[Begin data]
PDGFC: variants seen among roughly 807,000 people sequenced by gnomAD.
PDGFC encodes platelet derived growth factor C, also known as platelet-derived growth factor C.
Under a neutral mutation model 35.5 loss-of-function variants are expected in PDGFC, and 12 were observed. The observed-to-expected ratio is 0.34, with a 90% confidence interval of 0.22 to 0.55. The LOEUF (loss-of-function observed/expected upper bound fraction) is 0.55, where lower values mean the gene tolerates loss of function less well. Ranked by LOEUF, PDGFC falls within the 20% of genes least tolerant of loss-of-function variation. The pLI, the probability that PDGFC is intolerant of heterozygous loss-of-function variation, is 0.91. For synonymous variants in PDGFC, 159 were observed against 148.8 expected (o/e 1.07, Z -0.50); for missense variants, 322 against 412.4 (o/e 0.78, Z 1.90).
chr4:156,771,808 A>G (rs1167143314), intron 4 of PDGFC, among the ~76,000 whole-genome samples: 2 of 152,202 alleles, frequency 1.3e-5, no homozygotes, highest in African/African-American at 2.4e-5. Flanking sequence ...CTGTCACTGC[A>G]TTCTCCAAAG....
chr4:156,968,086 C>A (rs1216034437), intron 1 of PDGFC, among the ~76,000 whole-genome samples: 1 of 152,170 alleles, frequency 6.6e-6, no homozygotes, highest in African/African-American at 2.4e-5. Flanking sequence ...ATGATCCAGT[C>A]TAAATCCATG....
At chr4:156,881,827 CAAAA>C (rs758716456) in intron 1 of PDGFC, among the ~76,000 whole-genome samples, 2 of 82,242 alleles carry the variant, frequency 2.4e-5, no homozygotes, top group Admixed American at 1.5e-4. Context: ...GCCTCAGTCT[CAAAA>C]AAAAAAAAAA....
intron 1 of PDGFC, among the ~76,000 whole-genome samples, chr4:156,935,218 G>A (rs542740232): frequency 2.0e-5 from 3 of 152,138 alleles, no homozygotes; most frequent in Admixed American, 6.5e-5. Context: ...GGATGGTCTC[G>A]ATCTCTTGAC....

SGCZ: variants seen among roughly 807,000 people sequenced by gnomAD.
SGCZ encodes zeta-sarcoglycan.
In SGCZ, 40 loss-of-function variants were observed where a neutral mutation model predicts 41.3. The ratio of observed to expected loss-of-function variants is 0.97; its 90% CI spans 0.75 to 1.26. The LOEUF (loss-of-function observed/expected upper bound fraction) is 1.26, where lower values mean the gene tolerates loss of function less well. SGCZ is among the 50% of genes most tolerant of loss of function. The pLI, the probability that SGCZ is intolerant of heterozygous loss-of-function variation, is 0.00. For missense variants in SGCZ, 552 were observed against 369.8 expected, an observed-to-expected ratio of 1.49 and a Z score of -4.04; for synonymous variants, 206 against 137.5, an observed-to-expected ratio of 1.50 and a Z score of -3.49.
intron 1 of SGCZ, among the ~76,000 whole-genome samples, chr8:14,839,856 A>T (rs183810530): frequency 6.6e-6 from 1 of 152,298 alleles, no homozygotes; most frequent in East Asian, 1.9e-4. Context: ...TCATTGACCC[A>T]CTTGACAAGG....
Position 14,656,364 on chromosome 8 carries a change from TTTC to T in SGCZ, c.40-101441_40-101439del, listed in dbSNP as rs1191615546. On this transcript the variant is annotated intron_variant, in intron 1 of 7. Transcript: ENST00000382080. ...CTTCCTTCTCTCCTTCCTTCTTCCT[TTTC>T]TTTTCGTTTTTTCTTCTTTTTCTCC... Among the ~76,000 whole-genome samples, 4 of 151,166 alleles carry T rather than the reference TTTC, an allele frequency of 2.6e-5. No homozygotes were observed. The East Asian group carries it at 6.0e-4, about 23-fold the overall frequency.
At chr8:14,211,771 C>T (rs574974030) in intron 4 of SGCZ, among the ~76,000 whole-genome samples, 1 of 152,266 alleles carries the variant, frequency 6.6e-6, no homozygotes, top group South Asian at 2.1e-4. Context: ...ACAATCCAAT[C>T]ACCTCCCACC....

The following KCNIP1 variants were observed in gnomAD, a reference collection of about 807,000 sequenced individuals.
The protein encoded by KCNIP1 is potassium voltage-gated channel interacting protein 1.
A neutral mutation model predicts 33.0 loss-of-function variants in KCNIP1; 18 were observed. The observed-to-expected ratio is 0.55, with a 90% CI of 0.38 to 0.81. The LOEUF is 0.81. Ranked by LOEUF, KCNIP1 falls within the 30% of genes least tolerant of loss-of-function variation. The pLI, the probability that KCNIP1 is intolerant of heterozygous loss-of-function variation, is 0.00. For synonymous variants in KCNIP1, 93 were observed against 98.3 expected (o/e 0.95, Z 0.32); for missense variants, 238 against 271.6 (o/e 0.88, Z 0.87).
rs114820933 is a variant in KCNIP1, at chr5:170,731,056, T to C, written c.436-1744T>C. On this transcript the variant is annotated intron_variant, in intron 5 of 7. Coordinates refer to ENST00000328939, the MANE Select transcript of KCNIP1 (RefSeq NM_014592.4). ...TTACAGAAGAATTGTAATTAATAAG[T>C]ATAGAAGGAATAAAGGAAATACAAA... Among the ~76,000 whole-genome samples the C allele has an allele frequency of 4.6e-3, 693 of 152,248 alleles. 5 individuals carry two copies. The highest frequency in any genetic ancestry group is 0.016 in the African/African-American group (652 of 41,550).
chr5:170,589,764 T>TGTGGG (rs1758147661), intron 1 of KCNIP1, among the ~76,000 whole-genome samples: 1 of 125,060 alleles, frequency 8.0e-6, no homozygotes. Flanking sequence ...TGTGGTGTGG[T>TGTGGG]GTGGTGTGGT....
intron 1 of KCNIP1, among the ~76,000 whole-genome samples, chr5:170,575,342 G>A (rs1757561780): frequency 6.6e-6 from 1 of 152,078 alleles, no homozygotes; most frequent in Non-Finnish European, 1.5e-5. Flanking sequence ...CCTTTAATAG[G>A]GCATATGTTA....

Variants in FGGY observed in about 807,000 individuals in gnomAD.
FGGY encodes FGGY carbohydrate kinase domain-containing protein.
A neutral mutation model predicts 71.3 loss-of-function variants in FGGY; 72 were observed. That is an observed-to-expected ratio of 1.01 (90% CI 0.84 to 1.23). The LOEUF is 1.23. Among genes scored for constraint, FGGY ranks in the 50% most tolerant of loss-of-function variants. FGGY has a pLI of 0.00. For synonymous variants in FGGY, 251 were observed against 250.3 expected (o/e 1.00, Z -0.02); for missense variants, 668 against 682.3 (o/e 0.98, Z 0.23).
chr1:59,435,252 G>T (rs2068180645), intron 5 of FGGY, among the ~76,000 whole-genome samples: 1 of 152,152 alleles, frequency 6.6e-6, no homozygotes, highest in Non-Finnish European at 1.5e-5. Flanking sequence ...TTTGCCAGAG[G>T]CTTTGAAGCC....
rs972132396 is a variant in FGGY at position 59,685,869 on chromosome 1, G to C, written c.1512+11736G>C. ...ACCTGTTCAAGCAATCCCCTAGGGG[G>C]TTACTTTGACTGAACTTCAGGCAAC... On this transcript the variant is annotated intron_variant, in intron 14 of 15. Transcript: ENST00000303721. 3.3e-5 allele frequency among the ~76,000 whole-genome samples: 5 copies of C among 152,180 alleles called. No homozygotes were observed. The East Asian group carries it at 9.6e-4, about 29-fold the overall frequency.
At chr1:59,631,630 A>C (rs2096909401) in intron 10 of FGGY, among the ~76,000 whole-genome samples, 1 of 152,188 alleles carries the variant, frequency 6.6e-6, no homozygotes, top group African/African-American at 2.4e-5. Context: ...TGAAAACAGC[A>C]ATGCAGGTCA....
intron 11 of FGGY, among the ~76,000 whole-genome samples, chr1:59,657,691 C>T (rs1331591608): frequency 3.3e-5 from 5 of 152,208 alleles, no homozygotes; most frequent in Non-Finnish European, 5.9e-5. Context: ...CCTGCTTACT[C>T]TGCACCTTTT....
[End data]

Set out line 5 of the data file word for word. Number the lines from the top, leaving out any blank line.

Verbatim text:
chr4:156,968,086 C>A (rs1216034437), intron 1 of PDGFC, among the ~76,000 whole-genome samples: 1 of 152,170 alleles, frequency 6.6e-6, no homozygotes, highest in African/African-American at 2.4e-5. Flanking sequence ...ATGATCCAGT[C>A]TAAATCCATG....